By Stephanie Simon
DENVER, June 12 (Reuters) - The Bill & Melinda Gates
Foundation, which has poured more than $4 billion into efforts
to transform public education in the U.S., is pushing to develop
an "engagement pedometer." Biometric devices wrapped around the
wrists of students would identify which classroom moments excite
and interest them -- and which fall flat.
The foundation has given $1.4 million in grants to several
university researchers to begin testing the devices in
middle-school classrooms this fall.
The biometric bracelets, produced by a Massachusetts startup
company, Affectiva Inc, send a small current across the skin and
then measure subtle changes in electrical charges as the
sympathetic nervous system responds to stimuli. The wireless
devices have been used in pilot tests to gauge consumers'
emotional response to advertising.
Gates officials hope the devices, known as Q Sensors, can
become a common classroom tool, enabling teachers to see, in
real time, which kids are tuned in and which are zoned out.
Existing measures of student engagement, such as videotaping
classes for expert review or simply asking kids what they liked
in a lesson, "only get us so far," said Debbie Robinson, a
spokeswoman for the Gates Foundation. To truly improve teaching
and learning, she said, "we need universal, valid, reliable and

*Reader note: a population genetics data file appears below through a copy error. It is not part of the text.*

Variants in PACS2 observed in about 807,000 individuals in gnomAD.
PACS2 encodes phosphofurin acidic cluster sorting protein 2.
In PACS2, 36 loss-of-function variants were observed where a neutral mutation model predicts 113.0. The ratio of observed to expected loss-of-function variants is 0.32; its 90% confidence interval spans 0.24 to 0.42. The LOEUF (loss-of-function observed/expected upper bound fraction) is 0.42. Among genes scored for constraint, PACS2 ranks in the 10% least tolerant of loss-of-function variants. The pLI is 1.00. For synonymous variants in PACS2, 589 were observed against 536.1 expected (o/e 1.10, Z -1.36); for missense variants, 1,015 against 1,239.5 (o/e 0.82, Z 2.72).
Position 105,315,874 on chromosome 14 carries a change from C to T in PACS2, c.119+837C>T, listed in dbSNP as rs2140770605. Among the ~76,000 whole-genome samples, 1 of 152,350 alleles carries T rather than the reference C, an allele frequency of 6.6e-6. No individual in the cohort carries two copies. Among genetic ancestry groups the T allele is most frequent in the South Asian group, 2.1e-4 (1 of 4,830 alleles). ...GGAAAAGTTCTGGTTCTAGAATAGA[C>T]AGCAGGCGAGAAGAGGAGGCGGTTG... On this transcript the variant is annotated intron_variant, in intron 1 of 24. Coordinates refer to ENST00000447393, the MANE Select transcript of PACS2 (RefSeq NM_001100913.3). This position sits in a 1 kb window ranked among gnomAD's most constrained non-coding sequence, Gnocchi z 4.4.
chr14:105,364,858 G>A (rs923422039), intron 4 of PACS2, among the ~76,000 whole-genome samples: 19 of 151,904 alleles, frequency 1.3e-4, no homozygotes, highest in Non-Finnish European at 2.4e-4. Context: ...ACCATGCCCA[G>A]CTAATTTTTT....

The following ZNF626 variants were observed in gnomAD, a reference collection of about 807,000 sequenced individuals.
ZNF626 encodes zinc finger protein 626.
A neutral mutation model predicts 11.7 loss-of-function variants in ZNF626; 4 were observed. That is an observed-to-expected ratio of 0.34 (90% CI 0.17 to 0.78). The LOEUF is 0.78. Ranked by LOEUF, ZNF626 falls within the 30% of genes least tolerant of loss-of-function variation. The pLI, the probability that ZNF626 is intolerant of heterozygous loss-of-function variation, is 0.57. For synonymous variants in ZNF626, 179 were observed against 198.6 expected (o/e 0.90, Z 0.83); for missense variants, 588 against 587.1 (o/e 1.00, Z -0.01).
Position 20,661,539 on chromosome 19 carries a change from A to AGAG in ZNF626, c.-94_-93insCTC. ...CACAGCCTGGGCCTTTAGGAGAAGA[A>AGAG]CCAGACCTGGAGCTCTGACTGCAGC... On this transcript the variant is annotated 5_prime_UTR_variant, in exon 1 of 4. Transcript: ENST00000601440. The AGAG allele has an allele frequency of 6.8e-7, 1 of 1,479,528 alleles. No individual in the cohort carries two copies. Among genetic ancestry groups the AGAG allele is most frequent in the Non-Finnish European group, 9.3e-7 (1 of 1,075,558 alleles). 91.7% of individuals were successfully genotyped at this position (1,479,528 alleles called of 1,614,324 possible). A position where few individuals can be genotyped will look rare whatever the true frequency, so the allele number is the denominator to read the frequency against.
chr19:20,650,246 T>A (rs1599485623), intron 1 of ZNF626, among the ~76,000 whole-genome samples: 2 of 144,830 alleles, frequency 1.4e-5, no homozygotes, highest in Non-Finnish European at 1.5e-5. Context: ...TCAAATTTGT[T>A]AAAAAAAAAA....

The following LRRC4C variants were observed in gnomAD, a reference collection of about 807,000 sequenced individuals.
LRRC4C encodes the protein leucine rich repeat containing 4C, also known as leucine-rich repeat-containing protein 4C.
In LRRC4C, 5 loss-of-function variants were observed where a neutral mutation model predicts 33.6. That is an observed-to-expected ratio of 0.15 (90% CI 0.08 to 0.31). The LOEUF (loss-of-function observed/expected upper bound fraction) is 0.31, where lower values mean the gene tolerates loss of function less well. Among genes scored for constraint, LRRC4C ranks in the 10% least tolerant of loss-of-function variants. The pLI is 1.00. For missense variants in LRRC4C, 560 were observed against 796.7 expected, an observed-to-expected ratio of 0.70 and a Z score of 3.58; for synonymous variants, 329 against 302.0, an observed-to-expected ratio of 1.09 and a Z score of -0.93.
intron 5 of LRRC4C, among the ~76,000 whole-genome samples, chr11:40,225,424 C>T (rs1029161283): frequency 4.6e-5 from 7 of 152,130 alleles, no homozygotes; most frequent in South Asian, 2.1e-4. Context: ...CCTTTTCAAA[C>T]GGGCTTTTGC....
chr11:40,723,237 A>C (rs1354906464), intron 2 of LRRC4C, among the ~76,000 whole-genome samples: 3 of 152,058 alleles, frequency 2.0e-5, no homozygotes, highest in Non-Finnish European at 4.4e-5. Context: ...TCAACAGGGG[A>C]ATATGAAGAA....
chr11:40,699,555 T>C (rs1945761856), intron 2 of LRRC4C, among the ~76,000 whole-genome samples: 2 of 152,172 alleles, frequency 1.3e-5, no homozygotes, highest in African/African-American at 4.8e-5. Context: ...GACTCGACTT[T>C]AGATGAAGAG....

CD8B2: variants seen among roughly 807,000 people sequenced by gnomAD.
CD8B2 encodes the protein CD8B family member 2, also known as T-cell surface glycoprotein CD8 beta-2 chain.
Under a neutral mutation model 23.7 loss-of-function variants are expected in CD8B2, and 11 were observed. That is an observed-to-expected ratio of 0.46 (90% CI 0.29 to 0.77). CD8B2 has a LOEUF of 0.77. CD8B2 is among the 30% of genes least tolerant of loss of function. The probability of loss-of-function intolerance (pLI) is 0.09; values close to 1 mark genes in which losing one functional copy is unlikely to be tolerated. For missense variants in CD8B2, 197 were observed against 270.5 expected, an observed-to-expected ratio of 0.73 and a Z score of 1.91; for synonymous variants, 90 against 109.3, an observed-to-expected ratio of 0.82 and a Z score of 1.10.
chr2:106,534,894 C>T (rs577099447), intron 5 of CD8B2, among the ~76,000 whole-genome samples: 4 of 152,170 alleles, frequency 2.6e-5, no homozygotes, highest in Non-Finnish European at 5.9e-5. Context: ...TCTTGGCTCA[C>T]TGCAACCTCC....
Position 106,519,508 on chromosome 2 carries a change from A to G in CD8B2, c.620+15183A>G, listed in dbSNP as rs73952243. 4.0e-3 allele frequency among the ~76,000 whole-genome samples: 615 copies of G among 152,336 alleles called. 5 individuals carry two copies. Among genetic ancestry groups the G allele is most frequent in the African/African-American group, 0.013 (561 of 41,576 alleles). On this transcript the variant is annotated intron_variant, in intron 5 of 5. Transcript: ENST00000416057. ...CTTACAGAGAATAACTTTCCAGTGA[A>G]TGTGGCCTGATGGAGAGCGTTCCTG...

practical instruments" such as the biosensors.
IS AROUSAL A SIGN OF LEARNING?
Skeptics aren't so sure. They call the technology creepy and
say good teachers already know when their students are engaged.
Plus, they say it's absurd to think spikes in teenagers'
emotional arousal necessarily correspond to learning.
"In high school biology I didn't learn a thing all year, but
boy was I stimulated. The girl who sat next to me was gorgeous.
Just gorgeous," said Arthur Goldstein, a veteran English teacher
in New York City who has long been critical of Gates-funded
The engagement pedometer project fits neatly with the Gates
Foundation's emphasis on mining daily classroom interactions for
data. One of the world's richest philanthropies, the foundation
reflects Microsoft founder Bill Gates' interest in developing
data collection and analysis techniques that can predict which
teachers and teaching styles will be most effective.
The Gates Foundation has spent two years videotaping 20,000
classroom lessons and breaking them down, minute by minute, to
analyze how each teacher presents material and how those
techniques affect student test scores.
The foundation has also asked 100,000 kids around the
country detailed questions about their teachers: Does she give
students time to explain their ideas? Does he summarize the
lesson at the end of class? That data, again, will be correlated
with test scores to try to identify the most effective teaching
The foundation has spent $45 million on such research, under
the umbrella name Measures of Effective Teaching.
The engagement pedometer is not formally part of that
program; the biosensors are intended to give teachers feedback
rather than evaluate their effectiveness, said Robinson, the